should be for these store owners to make a profit, and more
importantly maintain their sanity. The list goes on: not enough
marketing and/or advertising, lack of business/accounting
experience, inability to stay within a budget, narrow focus with
their chosen store name. All of these qualify in my mind as
"the biggest problem."
CLN: CLN has reported that scrapbooking seems to be
suffering from too much of everything – too many products,
vendors, retailers, trade shows, consumer shows, etc. Do you agree?
CULLIMORE: I do agree. I think we have brought the problem on
ourselves. I think too many of us have exaggerated the growth and
size of this industry for a long time. I have heard quotes for this
industry as high as 4,000 for the number of independent retailers
that are out there carrying 50% or more of their inventory in
scrapbooking supplies. I, for one, would like to see that list.
Too many products? Yes. Too many vendors? For sure. Too many
trade and consumer shows? Absolutely.
For some, it has definitely been to their benefit when you see
all the money out there chasing this industry right now. But for
many more, I fear the reality will be far too sobering.
I don't mean to speak doom and gloom, however. I, for one,
believe that the industry as a whole will continue to grow and add
new customers. I believe it's up to publications like CLN,
groups like Crafters Home, and organizations like CHA to help
strengthen the industry from all sides, manufacturing and retailing
alike, to help ensure a successful future for everyone.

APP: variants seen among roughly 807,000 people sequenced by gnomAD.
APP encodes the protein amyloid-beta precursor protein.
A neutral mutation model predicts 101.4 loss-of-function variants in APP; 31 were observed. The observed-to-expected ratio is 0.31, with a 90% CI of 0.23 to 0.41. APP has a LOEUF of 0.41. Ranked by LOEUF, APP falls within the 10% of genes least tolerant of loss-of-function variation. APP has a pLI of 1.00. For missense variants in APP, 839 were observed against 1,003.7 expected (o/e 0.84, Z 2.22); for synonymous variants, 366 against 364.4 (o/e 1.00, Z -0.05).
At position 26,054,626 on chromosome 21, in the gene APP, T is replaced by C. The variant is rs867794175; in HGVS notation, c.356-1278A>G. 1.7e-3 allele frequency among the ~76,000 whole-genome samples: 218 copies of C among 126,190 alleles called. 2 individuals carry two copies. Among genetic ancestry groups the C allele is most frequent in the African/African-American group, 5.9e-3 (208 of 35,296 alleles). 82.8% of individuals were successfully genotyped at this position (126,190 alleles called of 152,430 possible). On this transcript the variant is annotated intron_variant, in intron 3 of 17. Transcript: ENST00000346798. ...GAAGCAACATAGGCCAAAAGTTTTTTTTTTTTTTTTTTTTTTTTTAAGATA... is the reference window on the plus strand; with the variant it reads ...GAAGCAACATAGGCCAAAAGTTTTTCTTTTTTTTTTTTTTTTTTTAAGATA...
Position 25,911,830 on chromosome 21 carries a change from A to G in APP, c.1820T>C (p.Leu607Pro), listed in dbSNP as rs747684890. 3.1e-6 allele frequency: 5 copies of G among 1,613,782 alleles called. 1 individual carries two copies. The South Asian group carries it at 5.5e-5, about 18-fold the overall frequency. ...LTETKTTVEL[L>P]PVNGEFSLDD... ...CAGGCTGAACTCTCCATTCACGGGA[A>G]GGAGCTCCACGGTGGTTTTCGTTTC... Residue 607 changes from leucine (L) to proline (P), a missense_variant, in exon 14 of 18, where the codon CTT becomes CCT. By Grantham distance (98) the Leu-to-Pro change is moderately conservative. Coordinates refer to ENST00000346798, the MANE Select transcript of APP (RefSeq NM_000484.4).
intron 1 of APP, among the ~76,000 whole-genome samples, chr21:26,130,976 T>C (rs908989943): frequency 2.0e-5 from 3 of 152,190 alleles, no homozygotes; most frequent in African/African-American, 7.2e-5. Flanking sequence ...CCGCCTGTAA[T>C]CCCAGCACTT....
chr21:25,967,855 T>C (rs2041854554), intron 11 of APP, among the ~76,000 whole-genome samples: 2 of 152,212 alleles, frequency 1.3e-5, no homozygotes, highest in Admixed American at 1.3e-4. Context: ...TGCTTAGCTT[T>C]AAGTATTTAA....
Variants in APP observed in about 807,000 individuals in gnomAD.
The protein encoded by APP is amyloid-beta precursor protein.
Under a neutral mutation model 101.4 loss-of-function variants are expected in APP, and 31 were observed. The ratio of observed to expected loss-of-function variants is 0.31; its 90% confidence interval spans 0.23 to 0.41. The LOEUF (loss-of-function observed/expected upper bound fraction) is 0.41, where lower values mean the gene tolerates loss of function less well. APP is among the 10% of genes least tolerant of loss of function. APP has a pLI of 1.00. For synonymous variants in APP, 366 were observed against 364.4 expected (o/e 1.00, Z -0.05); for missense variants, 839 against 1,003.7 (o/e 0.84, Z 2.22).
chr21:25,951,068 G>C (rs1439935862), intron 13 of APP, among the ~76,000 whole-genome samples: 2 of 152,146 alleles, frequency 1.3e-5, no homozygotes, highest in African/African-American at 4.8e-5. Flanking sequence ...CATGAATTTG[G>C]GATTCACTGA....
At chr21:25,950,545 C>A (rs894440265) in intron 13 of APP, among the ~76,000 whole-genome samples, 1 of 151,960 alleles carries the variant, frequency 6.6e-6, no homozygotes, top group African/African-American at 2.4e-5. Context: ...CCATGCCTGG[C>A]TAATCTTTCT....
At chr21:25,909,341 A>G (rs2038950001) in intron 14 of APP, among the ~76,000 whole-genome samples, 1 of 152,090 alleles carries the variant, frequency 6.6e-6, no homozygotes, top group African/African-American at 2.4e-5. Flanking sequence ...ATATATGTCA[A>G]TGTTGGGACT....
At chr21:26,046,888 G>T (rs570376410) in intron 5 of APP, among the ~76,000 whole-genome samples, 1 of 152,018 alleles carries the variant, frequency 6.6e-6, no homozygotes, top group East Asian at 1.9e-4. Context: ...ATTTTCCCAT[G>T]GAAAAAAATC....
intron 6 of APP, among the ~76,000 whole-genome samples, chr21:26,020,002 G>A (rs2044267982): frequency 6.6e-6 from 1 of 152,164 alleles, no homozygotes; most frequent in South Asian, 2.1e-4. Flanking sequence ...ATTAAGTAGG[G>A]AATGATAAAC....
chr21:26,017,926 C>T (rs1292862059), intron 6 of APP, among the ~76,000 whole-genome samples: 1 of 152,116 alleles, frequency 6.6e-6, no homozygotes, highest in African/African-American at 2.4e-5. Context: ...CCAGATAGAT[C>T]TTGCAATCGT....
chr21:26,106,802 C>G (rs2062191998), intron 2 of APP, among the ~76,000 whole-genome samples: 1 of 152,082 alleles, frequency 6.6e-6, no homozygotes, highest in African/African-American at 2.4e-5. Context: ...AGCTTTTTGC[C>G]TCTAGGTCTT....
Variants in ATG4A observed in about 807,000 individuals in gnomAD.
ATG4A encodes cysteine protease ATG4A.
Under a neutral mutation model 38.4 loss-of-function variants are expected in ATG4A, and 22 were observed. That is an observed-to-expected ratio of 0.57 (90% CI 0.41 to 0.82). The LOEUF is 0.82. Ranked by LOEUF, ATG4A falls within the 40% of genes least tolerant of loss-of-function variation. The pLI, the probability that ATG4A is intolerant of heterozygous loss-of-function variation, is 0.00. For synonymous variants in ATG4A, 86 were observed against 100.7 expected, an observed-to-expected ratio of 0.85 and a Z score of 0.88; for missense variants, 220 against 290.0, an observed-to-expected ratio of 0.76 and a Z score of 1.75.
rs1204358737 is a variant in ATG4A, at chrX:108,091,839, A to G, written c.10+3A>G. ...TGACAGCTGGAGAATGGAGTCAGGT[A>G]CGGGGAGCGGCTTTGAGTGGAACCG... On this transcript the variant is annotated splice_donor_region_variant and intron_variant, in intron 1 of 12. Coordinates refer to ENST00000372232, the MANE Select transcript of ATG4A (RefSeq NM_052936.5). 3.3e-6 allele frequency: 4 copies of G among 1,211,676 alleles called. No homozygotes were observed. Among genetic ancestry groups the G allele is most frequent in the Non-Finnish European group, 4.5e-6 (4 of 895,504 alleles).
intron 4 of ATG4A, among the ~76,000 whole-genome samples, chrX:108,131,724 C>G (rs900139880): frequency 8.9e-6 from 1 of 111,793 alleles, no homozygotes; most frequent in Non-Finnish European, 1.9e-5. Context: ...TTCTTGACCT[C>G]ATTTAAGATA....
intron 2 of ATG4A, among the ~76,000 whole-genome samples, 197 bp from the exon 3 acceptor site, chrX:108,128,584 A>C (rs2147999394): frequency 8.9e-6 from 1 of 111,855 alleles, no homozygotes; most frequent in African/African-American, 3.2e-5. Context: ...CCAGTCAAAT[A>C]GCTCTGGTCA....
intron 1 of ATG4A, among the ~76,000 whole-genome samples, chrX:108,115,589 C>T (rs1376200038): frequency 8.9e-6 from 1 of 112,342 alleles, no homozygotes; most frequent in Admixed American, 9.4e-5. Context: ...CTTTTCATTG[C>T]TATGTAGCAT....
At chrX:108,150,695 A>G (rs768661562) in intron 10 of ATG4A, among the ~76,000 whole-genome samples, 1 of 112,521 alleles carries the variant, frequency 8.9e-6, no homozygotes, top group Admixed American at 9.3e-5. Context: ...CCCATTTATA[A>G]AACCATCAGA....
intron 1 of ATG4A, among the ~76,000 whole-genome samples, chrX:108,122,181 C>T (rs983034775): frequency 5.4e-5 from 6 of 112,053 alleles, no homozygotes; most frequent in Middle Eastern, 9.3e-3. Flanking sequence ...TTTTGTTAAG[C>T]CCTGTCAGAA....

CLN: Lots of non-industry-related retailers – drug, toy,
discount, dollar, stationery, grocery stores – are selling at
least some scrapbook supplies. Is that good (exposing more consumers
to scrapbooking) or bad (siphoning off critical sales from
CULLIMORE: I believe anytime we can expose more people to our
industry it's a good thing. This industry is changing at such a
rapid rate that independents have a huge leg up if they can position
themselves to take advantage of the newest trends. Smart independent
retailers will be successful no matter where their competition comes
CLN: Crafters Home obviously offers a number of services to
help prospective retailers get started. But what about independents
who are already in business? What can Crafters Home offer them?
CULLIMORE: Currently there are many benefits associated with
becoming a member of Crafters Home. Not the least of which is the
discounts that are made available to our stores from over 250
suppliers and manufacturers in our industry, more than any other
group. We have a membership of over 180 stores and growing. We have
two very active message boards available exclusively to our members
– one for basic education and information exchange and the other
for product splits to help with the burden of some of those
"not-so-minimum" order requirements.
We have weekly and monthly newsletters that are sent out to our
members filled with industry updates, group news, vendor promotions,
and general retailing tips and techniques. The pre-trade show events
are one of my favorite benefits. At the CHA show in Atlanta we have
over 60 of the industry's top vendors coming to our Craftmania
event to show us their new product first and give our stores the
first shot at ordering before the show even begins. We will have
speakers and guests like CHA CEO, Steve Berger, CNA magazine
Editor-in-Chief, Karen Ancona, and some of the industry's top
designers like Heidi Swapp and Sara Naumann.
Some of our future plans include national advertising, education